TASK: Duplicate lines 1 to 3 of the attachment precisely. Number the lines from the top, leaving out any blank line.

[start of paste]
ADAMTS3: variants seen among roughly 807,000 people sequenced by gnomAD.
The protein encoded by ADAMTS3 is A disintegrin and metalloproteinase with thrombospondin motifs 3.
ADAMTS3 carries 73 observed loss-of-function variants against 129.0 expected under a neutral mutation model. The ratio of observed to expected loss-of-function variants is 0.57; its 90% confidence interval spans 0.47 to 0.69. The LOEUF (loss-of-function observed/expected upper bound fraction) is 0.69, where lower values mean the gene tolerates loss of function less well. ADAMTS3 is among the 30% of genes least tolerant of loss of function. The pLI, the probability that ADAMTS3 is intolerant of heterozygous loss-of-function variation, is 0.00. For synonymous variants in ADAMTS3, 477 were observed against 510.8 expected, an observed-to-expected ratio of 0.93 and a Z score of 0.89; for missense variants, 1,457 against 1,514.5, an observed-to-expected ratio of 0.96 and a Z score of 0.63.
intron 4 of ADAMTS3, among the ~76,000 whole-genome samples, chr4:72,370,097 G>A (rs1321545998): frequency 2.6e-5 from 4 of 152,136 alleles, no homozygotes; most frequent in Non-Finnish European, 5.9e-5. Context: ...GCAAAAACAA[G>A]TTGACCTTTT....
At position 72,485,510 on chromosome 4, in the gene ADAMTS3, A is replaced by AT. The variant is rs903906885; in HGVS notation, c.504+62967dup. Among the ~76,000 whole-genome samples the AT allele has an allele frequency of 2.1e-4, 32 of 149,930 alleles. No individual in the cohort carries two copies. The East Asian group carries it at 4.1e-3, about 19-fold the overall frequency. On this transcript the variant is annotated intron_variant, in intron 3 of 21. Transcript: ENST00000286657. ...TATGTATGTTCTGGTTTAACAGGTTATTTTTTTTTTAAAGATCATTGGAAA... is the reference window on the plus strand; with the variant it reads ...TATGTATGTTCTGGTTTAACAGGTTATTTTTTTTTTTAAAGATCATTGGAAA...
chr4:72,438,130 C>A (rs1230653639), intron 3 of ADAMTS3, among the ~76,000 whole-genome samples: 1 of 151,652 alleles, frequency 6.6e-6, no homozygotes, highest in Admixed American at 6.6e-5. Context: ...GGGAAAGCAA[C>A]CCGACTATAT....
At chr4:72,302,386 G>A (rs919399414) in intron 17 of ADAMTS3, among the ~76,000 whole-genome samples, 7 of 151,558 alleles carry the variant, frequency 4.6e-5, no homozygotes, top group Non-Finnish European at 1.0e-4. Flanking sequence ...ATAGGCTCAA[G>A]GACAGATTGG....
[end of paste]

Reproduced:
ADAMTS3: variants seen among roughly 807,000 people sequenced by gnomAD.
The protein encoded by ADAMTS3 is A disintegrin and metalloproteinase with thrombospondin motifs 3.
ADAMTS3 carries 73 observed loss-of-function variants against 129.0 expected under a neutral mutation model. The ratio of observed to expected loss-of-function variants is 0.57; its 90% confidence interval spans 0.47 to 0.69. The LOEUF (loss-of-function observed/expected upper bound fraction) is 0.69, where lower values mean the gene tolerates loss of function less well. ADAMTS3 is among the 30% of genes least tolerant of loss of function. The pLI, the probability that ADAMTS3 is intolerant of heterozygous loss-of-function variation, is 0.00. For synonymous variants in ADAMTS3, 477 were observed against 510.8 expected, an observed-to-expected ratio of 0.93 and a Z score of 0.89; for missense variants, 1,457 against 1,514.5, an observed-to-expected ratio of 0.96 and a Z score of 0.63.